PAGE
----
Tuesday, April 5, 2011

Social Entrepreneurship

Let me start out with a few definitions from Wikipedia.

Capitalism is an economic system in which the means of production are privately owned and operated for profit. Income in a Capitalist system takes at least two forms, profit on the one hand and wages on the other. There is no consensus on the precise definition of capitalism, nor how the term should be used as an analytical category. There is, however, little controversy that private ownership of the means of production, creation of goods or services for profit in a market, and prices and wages are elements of capitalism

Social capitalism (Socio-capitalism), as a theory or political or philosophical stance, challenges the idea that socialism and capitalism are inherently antagonistic. The essence of social capitalism is that markets work best and output is maximized through sound social management of the macroeconomy. Social capitalism posits that a strong social support network for the poor enhances capital output. By decreasing poverty, capital market participation is enlarged.

Social entrepreneurship is the work of social entrepreneurs. A social entrepreneur recognizes a social problem and uses entrepreneurial principles to organize, create and manage a venture to achieve social change (a social venture). While a business entrepreneur typically measures performance in profit and return, a social entrepreneur focuses on creating social capital. Thus, the main aim of social entrepreneurship is to further social and environmental goals. Social entrepreneurs are most commonly associated with the voluntary and not-for-profit sectors, but this need not preclude making a profit. The terms social entrepreneur and social entrepreneurship were used first in the literature on social change in the 1960s and 1970s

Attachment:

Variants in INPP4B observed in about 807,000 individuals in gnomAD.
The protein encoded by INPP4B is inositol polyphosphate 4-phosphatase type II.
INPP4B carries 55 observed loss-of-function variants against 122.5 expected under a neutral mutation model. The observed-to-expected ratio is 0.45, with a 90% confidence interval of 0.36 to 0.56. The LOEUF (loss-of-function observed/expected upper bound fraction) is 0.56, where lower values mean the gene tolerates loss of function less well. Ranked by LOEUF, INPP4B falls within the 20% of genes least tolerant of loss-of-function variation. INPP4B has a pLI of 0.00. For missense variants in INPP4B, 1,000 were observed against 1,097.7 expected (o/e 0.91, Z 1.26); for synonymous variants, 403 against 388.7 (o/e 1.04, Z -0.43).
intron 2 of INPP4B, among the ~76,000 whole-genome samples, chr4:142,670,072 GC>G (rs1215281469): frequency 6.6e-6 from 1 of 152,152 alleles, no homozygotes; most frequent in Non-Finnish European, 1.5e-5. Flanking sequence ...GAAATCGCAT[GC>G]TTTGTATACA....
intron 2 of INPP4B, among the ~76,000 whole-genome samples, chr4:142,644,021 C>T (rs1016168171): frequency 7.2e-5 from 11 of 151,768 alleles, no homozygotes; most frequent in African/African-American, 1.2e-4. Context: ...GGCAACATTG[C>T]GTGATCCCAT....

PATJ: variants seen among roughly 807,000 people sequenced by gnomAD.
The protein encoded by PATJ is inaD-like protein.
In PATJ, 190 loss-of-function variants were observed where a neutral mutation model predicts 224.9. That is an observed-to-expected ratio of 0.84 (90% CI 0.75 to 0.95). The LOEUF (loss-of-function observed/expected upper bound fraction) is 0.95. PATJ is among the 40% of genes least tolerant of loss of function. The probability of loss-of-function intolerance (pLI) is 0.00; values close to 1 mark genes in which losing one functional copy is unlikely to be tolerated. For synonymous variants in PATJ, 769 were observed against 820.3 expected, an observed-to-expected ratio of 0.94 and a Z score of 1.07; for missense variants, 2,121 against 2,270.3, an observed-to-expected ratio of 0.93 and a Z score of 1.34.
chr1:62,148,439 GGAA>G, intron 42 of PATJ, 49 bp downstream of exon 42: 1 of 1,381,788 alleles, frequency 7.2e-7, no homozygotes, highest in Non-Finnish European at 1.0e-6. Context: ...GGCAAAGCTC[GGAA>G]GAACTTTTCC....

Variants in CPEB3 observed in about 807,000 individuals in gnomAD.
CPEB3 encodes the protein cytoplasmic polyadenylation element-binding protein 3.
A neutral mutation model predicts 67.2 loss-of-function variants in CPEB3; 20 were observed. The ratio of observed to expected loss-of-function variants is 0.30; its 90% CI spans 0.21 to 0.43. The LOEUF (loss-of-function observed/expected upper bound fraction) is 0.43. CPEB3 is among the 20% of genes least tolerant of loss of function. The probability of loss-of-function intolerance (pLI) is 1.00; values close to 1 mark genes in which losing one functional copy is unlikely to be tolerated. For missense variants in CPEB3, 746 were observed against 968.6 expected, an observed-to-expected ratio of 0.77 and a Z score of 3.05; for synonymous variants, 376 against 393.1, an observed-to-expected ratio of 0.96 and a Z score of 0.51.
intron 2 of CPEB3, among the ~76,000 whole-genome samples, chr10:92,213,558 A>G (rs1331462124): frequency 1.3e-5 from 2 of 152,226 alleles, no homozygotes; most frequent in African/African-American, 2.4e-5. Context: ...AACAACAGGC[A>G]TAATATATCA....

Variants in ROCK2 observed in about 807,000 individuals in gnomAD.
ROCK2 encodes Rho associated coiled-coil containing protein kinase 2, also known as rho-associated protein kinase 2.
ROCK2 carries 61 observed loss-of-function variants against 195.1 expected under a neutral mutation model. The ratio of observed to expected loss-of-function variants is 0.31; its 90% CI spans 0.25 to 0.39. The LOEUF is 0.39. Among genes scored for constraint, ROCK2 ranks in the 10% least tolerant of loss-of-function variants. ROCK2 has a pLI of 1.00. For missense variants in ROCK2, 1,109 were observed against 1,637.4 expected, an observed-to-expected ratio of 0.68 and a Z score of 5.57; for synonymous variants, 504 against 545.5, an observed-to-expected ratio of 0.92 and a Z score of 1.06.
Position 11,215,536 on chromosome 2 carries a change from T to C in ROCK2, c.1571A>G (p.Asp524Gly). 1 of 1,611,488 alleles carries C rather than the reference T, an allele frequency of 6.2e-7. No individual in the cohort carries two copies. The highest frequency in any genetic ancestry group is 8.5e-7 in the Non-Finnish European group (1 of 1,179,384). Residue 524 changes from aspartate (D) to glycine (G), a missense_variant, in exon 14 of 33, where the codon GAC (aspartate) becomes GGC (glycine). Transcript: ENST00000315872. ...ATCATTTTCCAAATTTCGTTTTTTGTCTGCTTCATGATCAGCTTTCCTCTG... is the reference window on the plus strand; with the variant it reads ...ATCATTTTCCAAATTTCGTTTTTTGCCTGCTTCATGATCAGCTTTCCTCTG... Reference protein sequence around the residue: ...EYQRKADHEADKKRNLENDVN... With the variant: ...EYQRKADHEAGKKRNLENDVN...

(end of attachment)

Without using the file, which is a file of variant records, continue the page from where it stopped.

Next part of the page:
Many people, this people tend to be workers or politicians rather than owners or investors, see capitalism as a system of moving money from the poor to the rich. They believe that the entire ecosystem is disproportionately tilted toward the rich. The poor may benefit to some extent by having jobs but the preponderance of the benefit is given to the rich. I can’t argue this view. Capitalism rewards those with resources, who reinvest them, with greater gains then those without. I could argue that without those who are willing to risk what they have there would be no jobs for those who have little to risk. But only the truly greedy person would accept this as a valid response. After all, one person can only consume so much. The incremental value to their quality of life of spending more on themselves diminishes as assets accumulate. It’s the law of diminishing returns.

Social capitalism says that there is an inherent benefit to the economic enterprise to address social issues. That by building a business around serving the community, the business prospers. True social capitalist suggest that government should regulate the social interaction. I disagree with this mainly on the grounds that politicians are not free of bias. They tend to sponsor bills that promote their own longevity. Fundamentally political parties are just a special form of capitalism. The exchange rate is not calculated in dollars but power and influence. They produce a product, they raise funds, they distribute funds, and they pay wages. They do not fund social programs outside of their specific agendas.

Free of regulation companies and individuals could determine where social investments create the best return. Money would not be spent on programs that look and sound good but do not produce positive change.

There is the caveat to social capitalism and social entrepreneurship; enterprises must be economically driven to be sustainable. If they do not have a good profit structure, they too will become a social casualty. Without a true long term profit driven approach the enterprise will dry up for lack of capital and its social value will go away. The failure of most social entrepreneurs is not that their idea for social change was not valid; it was they lost the concept of perpetuating their enterprise by failing to more aggressively promote economic capitalism.

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